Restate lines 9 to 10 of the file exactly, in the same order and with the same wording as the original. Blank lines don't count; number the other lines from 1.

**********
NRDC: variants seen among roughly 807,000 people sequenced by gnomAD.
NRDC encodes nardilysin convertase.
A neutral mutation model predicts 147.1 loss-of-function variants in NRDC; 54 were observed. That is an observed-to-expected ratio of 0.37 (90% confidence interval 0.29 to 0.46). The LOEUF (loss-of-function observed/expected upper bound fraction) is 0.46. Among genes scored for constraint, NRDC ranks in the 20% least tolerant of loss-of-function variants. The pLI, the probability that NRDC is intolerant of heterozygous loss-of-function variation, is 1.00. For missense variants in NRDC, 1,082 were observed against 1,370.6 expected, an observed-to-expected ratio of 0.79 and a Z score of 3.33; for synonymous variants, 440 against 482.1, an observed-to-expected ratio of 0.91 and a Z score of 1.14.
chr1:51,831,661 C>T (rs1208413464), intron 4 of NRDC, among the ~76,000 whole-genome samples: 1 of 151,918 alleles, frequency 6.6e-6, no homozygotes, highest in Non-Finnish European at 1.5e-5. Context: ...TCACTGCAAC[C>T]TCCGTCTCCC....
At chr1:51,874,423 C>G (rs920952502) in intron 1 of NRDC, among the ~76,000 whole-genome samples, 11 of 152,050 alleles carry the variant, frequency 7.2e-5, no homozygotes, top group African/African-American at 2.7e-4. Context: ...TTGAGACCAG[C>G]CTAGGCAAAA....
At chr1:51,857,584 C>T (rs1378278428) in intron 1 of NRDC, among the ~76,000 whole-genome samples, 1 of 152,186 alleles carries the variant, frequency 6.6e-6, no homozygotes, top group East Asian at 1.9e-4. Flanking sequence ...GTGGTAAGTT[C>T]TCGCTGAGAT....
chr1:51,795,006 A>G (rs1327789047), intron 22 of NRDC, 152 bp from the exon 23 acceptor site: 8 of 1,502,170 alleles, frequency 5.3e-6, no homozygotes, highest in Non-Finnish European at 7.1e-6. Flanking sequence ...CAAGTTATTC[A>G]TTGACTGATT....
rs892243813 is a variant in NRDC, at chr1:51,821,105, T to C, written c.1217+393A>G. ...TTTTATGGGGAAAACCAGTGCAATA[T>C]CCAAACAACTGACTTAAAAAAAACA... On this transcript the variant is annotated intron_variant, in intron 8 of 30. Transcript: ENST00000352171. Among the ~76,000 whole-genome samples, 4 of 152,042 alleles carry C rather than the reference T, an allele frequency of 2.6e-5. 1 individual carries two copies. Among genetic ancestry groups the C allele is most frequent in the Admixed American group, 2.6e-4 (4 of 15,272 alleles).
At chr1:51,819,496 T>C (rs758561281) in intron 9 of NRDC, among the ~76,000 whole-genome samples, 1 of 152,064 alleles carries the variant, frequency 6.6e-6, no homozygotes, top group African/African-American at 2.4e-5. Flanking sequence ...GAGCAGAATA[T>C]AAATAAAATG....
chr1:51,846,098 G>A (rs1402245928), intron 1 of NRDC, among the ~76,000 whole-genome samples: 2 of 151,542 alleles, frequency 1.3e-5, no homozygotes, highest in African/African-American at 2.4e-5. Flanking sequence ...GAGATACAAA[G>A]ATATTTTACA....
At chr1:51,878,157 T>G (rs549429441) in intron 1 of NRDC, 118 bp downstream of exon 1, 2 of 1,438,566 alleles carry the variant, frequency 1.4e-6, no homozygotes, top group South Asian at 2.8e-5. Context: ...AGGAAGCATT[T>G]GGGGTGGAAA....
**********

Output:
At chr1:51,819,496 T>C (rs758561281) in intron 9 of NRDC, among the ~76,000 whole-genome samples, 1 of 152,064 alleles carries the variant, frequency 6.6e-6, no homozygotes, top group African/African-American at 2.4e-5. Flanking sequence ...GAGCAGAATA[T>C]AAATAAAATG....
chr1:51,846,098 G>A (rs1402245928), intron 1 of NRDC, among the ~76,000 whole-genome samples: 2 of 151,542 alleles, frequency 1.3e-5, no homozygotes, highest in African/African-American at 2.4e-5. Flanking sequence ...GAGATACAAA[G>A]ATATTTTACA....